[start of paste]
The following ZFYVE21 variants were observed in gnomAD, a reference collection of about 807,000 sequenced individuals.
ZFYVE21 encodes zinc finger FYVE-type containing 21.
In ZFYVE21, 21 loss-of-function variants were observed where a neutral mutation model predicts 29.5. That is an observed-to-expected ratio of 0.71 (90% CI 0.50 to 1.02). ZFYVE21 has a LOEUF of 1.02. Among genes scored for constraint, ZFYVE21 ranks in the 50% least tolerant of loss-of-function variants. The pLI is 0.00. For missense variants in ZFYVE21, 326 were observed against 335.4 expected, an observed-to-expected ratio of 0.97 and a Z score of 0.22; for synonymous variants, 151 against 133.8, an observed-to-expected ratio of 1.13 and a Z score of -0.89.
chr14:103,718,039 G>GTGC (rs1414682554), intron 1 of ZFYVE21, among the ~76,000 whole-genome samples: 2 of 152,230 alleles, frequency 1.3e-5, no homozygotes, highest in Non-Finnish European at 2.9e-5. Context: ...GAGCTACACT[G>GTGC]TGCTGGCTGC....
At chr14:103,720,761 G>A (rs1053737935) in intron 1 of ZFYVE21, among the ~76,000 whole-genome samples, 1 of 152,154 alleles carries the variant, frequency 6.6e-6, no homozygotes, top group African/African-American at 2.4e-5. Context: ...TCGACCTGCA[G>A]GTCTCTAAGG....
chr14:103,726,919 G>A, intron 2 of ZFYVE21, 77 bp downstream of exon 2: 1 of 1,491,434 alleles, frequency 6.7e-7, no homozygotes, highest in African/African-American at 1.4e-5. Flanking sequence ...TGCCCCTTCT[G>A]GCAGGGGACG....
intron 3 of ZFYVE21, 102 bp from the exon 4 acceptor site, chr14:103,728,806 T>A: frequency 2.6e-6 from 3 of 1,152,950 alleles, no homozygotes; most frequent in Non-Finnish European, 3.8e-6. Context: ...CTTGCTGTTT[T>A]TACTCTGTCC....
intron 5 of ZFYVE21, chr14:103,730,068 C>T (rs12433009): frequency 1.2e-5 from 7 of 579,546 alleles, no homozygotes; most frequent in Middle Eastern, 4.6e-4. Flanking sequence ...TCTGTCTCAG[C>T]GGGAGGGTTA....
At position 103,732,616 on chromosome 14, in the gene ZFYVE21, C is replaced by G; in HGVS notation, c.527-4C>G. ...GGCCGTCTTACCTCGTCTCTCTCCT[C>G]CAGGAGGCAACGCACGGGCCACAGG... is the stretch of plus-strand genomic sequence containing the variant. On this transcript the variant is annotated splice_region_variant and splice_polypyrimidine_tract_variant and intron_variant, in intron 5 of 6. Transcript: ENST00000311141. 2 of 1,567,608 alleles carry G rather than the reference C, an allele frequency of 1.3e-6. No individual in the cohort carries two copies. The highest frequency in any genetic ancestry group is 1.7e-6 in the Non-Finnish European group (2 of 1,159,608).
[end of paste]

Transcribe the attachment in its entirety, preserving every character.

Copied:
The following ZFYVE21 variants were observed in gnomAD, a reference collection of about 807,000 sequenced individuals.
ZFYVE21 encodes zinc finger FYVE-type containing 21.
In ZFYVE21, 21 loss-of-function variants were observed where a neutral mutation model predicts 29.5. That is an observed-to-expected ratio of 0.71 (90% CI 0.50 to 1.02). ZFYVE21 has a LOEUF of 1.02. Among genes scored for constraint, ZFYVE21 ranks in the 50% least tolerant of loss-of-function variants. The pLI is 0.00. For missense variants in ZFYVE21, 326 were observed against 335.4 expected, an observed-to-expected ratio of 0.97 and a Z score of 0.22; for synonymous variants, 151 against 133.8, an observed-to-expected ratio of 1.13 and a Z score of -0.89.
chr14:103,718,039 G>GTGC (rs1414682554), intron 1 of ZFYVE21, among the ~76,000 whole-genome samples: 2 of 152,230 alleles, frequency 1.3e-5, no homozygotes, highest in Non-Finnish European at 2.9e-5. Context: ...GAGCTACACT[G>GTGC]TGCTGGCTGC....
At chr14:103,720,761 G>A (rs1053737935) in intron 1 of ZFYVE21, among the ~76,000 whole-genome samples, 1 of 152,154 alleles carries the variant, frequency 6.6e-6, no homozygotes, top group African/African-American at 2.4e-5. Context: ...TCGACCTGCA[G>A]GTCTCTAAGG....
chr14:103,726,919 G>A, intron 2 of ZFYVE21, 77 bp downstream of exon 2: 1 of 1,491,434 alleles, frequency 6.7e-7, no homozygotes, highest in African/African-American at 1.4e-5. Flanking sequence ...TGCCCCTTCT[G>A]GCAGGGGACG....
intron 3 of ZFYVE21, 102 bp from the exon 4 acceptor site, chr14:103,728,806 T>A: frequency 2.6e-6 from 3 of 1,152,950 alleles, no homozygotes; most frequent in Non-Finnish European, 3.8e-6. Context: ...CTTGCTGTTT[T>A]TACTCTGTCC....
intron 5 of ZFYVE21, chr14:103,730,068 C>T (rs12433009): frequency 1.2e-5 from 7 of 579,546 alleles, no homozygotes; most frequent in Middle Eastern, 4.6e-4. Flanking sequence ...TCTGTCTCAG[C>T]GGGAGGGTTA....
At position 103,732,616 on chromosome 14, in the gene ZFYVE21, C is replaced by G; in HGVS notation, c.527-4C>G. ...GGCCGTCTTACCTCGTCTCTCTCCT[C>G]CAGGAGGCAACGCACGGGCCACAGG... is the stretch of plus-strand genomic sequence containing the variant. On this transcript the variant is annotated splice_region_variant and splice_polypyrimidine_tract_variant and intron_variant, in intron 5 of 6. Transcript: ENST00000311141. 2 of 1,567,608 alleles carry G rather than the reference C, an allele frequency of 1.3e-6. No individual in the cohort carries two copies. The highest frequency in any genetic ancestry group is 1.7e-6 in the Non-Finnish European group (2 of 1,159,608).